What is Business?
Career and educational options in the field of business are extremely broad and you need to articulate your interests in business based on extensive exploration of professional and academic options. Your exploration and experience begin in college and can incorporate your course and concentration selection, internships, volunteer activities, leadership and collaboration endeavors. Focus on course work and activities which cultivate a broad set of skills. To learn more about various career fields, attend CareerLAB programs, discuss your interests with faculty members, reach out to alumni through BRUnet or other sources and explore Vault and O-Net. More academic and career exploration links are available under the Resources section.
Explore your Interests & Establish a Portfolio
Most students and alumni interested in business develop familiarity with a variety of business options and may have in-depth experience in a particular field before deciding to pursue a business degree. This enables you to consider your goals thoroughly and helps develop a strong portfolio of relevant experiences. You can start while in college. Internships are a great way to gain knowledge of an industry and to establish a network. Many business organizations participate in on-campus recruitment every fall and much information about the preparation and application process can be found on CareerLAB's Jobs and Internships page. A list of well-defined business fields in which you may want to seek experience through internships and jobs is found under the Business Careers page.
If you decide to pursue a business degree in the future, having had experience in some kind of business setting is not only expected but can be the most valuable factor in your consideration of further education goals. Most MBA programs seek applicants with significant work experience. Other business programs are designed for recent graduates with little work experience. Some specifically target recent alumni with backgrounds very different from business, entrepreneurship or quantitative analysis. To learn more, consult the Business Degrees page.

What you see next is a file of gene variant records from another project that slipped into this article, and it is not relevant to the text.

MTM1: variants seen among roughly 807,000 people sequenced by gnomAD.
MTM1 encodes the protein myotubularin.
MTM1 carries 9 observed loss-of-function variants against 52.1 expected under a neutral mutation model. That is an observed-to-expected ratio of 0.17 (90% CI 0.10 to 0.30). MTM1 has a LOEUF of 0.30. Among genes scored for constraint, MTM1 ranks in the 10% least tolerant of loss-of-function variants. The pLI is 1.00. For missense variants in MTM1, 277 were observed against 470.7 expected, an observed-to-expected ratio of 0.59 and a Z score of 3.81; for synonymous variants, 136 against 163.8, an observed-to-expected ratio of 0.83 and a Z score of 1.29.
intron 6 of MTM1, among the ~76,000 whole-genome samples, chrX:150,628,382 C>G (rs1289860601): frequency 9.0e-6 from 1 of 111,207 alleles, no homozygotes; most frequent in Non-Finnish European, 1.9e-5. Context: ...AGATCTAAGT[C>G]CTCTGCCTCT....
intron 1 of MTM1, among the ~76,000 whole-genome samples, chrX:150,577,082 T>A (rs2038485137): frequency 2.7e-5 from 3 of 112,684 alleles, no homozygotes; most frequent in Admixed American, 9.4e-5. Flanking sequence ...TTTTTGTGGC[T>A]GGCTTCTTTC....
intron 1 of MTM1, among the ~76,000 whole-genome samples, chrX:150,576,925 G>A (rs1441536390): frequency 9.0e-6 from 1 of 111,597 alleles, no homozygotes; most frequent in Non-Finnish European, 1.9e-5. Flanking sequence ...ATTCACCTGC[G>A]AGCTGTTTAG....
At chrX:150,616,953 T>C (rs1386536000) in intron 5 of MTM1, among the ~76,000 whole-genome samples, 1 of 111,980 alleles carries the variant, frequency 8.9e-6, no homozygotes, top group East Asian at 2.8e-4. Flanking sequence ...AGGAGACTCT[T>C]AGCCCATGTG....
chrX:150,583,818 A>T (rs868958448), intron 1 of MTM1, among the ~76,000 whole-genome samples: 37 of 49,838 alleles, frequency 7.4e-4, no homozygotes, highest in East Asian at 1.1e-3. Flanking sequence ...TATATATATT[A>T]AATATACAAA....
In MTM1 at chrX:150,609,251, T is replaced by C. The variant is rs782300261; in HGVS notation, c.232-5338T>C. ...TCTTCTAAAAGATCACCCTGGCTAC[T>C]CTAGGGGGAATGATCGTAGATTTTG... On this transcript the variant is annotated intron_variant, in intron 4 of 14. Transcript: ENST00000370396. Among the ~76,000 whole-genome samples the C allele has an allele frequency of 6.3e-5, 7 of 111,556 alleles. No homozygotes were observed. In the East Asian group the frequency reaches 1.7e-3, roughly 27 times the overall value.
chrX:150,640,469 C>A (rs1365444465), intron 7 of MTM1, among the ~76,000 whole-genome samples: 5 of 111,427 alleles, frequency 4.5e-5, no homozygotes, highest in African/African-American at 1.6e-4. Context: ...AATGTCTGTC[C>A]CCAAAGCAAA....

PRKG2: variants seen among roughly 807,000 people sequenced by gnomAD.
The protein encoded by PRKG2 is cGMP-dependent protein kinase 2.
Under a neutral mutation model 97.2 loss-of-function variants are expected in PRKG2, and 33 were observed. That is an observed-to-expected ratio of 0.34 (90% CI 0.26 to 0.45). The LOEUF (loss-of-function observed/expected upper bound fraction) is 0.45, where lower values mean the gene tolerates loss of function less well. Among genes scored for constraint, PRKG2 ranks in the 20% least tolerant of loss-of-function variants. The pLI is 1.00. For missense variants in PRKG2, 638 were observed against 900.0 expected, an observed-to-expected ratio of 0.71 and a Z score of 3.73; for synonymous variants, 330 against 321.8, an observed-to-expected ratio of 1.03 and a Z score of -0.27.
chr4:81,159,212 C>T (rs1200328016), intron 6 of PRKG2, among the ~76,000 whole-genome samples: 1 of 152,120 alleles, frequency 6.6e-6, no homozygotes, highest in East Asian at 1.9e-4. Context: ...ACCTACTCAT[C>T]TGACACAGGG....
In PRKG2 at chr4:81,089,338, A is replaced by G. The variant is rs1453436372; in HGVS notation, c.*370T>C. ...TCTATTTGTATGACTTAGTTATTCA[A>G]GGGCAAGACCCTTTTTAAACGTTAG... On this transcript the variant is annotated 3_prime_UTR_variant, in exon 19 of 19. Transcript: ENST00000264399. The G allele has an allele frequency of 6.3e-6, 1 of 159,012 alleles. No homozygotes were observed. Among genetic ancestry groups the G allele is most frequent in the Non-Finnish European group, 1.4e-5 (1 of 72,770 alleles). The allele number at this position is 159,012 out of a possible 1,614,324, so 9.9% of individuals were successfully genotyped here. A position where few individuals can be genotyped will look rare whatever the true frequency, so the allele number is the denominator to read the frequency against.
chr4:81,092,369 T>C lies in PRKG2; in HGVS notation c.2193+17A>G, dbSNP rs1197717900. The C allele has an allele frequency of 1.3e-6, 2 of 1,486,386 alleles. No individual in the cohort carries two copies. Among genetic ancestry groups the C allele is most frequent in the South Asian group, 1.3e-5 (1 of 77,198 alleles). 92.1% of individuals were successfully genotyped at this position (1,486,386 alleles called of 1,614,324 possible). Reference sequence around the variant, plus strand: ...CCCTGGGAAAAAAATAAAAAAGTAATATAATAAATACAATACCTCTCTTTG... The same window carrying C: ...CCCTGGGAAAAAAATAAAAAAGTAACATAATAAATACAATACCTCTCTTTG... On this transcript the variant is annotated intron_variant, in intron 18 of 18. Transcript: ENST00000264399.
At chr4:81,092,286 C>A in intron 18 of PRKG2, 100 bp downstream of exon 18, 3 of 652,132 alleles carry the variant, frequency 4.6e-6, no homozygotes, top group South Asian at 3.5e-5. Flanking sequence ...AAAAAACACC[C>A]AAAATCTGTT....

As an aspiring professional you are always a work in progress. Your continual self-reflection and honest assessment of your strengths, aspirations and preferences should guide you in selecting academic and co-curricular pursuits. This will be a process, not a singular event. The more broadly you explore, the better able you will be to articulate for yourself an educational and career path that is motivating and fulfilling. As you reflect on the above, seek opportunities to further your strengths and develop areas in which you are not particularly strong but would need some competence.
The way in which you connect your academic pursuits (concentration(s) or course selection) with your hands-on and observational experiences (internships, volunteerism, student organizations, community service, etc.) will communicate a lot about you to employers or business school admission officers. Be deliberate in your pursuits. Seek a breadth of experience through your academics and activities while focusing on depth in the areas that fascinate you the most.
This blend of self-reflection, deliberate engagement with course work and activities will make your time at Brown and beyond meaningful and will help articulate who you are, what you have achieved and what you can contribute to employers or admission officials. This is how you build your own "brand".
To learn more about different business fields and how to prepare for a career in business explore the Business Careers page.
Gauge your Interest in Business as a Career
To pursue a career in a business field you need not earn an advanced degree in business. Your Brown education can give you valuable critical thinking, analytical and quantitative skills to embark on a career in a variety of business fields. Importantly, your experience outside the classroom, both at Brown and after graduation, will be an essential part of your career development. The experience you gain through internships, leadership roles, community service and collaborative projects can inform your interest in pursuing work in business. Your activities in college help you build a portfolio that will help you further your career goals and seek professional realization following graduation. This website, CareerLAB's helpful materials, and on-campus recruitment are key resources to explore during your time at Brown.
Consider if Business Education is Right for You
Business education requires a significant investment of your time and energy, not to mention your financial resources. The decision to pursue a business degree should be based on substantial self-reflection, strategic planning, and an honest assessment of your career objectives. Some applicants hope to make a change in their professional trajectories, while others see business school as a necessary component for growth in their current field. Most applicants to MBA programs have longitudinal work experience after earning an undergraduate degree but many other business degrees require less work experience. If you have already been involved in the types of activities described above, you would be in a good starting position to develop your record further after graduation if you decide to pursue an advanced degree in business.